Rue des Garennes is one of the roads that leads to the jungle. Once an anonymous industrial roadway nowadays it is lit up to ease the policing of migrant movement. It’s 10pm New Years eve. We are walking past rows of lacklustre industrial 70s housing, then onwards past the chemical factories of the Zone Industrielle to finally reach Jules Ferry, a former children holiday camp around which the jungle has grown. Heading in the other direction is a steady stream of men from the former colonies, mufflers round their faces in the cold, woollen caps. They are on the way to the port or the Eurotunnel; it’s the nightly ritual of trying to smuggling themselves into the UK. They walk stridently with a sense of mission. Salaamu alaikum some of us say – the gestures are returned, at times occasional handshakes which is not what they will expect as they pass the housing neighbourhoods a few minutes away.


In the light of 60’s optimism Sartre had seen the destiny of the colonised, in effect the parents of the mufflered faces who walk by, as the bearers of a new Modernity which the European tainted by colonial inheritance could never envisage. A Modernity free of colonial extraction that perfectly overlaid Fanon’s new humanity expressed as “a new humanism both for itself and for others”. A humanism of new social relations which could only emerge through decolonisation, of both territory and of mind. The horizon for this was so clear at the time that Sartre could tell us,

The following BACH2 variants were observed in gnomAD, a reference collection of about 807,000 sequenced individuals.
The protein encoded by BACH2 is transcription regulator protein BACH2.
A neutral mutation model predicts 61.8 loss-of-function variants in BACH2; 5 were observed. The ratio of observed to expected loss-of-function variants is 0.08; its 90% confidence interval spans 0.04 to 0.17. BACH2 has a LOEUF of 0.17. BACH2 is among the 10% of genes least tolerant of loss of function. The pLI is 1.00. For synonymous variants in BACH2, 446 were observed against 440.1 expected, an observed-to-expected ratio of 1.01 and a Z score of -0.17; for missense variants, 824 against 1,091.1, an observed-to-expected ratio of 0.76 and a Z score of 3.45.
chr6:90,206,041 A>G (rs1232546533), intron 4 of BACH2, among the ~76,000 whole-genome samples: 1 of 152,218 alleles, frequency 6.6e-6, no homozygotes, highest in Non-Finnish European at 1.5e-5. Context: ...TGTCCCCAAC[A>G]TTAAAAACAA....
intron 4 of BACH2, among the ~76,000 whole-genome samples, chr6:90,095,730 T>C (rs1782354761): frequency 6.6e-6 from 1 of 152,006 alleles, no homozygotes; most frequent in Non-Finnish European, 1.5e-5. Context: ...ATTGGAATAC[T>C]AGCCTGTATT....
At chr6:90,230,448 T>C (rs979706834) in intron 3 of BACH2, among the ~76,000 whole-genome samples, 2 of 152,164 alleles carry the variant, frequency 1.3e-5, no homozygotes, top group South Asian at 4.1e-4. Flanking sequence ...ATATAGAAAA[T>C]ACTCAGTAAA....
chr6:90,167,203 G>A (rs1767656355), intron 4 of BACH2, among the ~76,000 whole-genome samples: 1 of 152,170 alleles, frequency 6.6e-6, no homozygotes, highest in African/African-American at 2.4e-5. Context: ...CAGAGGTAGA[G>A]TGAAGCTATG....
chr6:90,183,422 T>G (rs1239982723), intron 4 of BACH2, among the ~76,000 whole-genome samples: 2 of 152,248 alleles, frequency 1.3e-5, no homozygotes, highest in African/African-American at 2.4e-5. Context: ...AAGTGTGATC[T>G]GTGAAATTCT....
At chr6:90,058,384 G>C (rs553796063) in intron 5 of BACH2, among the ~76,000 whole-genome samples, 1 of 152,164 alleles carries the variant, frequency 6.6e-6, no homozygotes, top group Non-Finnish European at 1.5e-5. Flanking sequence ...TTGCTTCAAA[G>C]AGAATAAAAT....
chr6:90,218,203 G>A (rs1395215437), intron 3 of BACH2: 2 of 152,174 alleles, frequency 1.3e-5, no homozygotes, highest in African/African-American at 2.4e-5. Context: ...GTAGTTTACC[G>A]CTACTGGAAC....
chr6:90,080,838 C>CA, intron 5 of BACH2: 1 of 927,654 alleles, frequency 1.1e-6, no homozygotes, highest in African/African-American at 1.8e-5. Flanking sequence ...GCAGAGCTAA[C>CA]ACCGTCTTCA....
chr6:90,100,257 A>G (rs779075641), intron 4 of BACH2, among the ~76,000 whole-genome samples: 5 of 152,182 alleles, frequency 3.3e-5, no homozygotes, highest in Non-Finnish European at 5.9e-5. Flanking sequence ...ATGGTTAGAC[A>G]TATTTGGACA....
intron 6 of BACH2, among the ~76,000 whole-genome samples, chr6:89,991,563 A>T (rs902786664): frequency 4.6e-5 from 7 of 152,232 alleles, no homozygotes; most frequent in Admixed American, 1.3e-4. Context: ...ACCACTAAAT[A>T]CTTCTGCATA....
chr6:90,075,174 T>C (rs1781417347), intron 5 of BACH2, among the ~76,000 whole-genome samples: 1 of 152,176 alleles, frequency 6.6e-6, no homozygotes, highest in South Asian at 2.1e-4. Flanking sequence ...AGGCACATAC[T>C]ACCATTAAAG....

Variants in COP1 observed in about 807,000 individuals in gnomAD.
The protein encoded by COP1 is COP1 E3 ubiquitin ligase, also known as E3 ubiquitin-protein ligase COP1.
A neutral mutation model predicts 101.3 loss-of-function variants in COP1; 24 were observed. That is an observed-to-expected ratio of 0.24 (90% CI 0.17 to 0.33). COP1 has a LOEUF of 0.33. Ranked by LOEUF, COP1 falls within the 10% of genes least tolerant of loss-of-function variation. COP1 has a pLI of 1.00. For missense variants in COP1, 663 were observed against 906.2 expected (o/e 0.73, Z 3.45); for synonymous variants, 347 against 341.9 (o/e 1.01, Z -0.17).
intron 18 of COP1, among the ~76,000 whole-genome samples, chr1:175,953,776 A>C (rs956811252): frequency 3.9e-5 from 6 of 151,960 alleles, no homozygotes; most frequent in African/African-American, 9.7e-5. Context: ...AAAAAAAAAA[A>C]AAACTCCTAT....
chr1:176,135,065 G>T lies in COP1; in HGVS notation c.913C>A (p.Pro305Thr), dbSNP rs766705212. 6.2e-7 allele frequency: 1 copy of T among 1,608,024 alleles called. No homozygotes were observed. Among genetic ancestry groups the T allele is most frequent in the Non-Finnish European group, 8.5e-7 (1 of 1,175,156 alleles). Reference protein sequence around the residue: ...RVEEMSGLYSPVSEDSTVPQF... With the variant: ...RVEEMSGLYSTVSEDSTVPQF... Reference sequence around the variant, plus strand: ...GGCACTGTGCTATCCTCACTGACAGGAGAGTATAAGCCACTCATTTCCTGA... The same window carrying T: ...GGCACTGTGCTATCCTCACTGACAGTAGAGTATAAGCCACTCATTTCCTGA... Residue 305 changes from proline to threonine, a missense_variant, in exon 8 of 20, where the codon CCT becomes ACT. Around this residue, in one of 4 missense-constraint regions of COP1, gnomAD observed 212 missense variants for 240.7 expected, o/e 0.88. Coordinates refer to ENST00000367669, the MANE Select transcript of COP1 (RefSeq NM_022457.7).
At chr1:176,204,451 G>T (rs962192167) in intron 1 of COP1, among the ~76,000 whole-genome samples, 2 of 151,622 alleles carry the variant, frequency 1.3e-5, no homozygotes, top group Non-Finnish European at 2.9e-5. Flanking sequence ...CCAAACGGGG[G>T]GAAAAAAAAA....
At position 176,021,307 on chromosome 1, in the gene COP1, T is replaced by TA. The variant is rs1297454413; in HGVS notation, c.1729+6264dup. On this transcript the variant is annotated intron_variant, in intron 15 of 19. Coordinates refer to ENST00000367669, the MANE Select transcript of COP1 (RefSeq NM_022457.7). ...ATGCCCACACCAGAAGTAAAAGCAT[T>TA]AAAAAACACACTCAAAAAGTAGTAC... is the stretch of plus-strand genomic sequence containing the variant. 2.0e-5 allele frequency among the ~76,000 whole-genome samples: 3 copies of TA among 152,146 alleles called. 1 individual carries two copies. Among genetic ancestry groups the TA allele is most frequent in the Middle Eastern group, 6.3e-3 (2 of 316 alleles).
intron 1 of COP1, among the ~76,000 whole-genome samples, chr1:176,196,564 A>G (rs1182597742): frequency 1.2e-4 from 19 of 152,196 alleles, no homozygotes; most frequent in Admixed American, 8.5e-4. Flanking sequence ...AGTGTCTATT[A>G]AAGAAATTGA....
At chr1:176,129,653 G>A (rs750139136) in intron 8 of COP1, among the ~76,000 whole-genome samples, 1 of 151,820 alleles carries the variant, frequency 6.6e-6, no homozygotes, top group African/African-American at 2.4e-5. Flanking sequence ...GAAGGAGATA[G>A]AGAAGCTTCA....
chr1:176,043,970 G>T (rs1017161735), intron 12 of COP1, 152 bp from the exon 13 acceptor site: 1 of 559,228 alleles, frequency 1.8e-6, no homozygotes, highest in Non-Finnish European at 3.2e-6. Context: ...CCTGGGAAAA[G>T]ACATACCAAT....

Here Fanon stops. He has shown the way forward.


Fanon lay dying with leukaemia the same year as the Wretched of the Earth was published. Sartre wrote in the preface,


.. when we have closed the book, the argument continues within us, in spite of its author.


In his Enlightenment in the Colony Aamir Mufti picks up on the line, Here Fanon stops. Mufti suggests that not only does Sartre make the colonised bear a far more expansive modernity than Fanon but that hereinscribes the native as more European than the European”. In other words through the argument that continues within us, the making of a new humanism relocates the arena of decolonisation to Europe and becomes an extension of the White Man’s burden. In effect Sartre becomes Fanon, white Fanon. Quid pro quo Fanon becomes black Sartre an icon of the 68 uprisings. The long neglected Black Skin, White Masks of Fanon’s early years then comes alive, in Europe and blows westwards.
Sixty years later, it is in such reversed mental and territorial spaces that the wretched of the earth now find their place in colonialism’s unending legacy. Whilst Europe’s self identity is still dependent of endless forays of military intervention in one form or another, the coordinates of a “here” and “there” of colonial space have changed and with it how the argument has continued within us. Thus when I enter the space of this jungle in Europe, and place myself within it, how I contest its reality becomes part of that argument through a complex range of actors.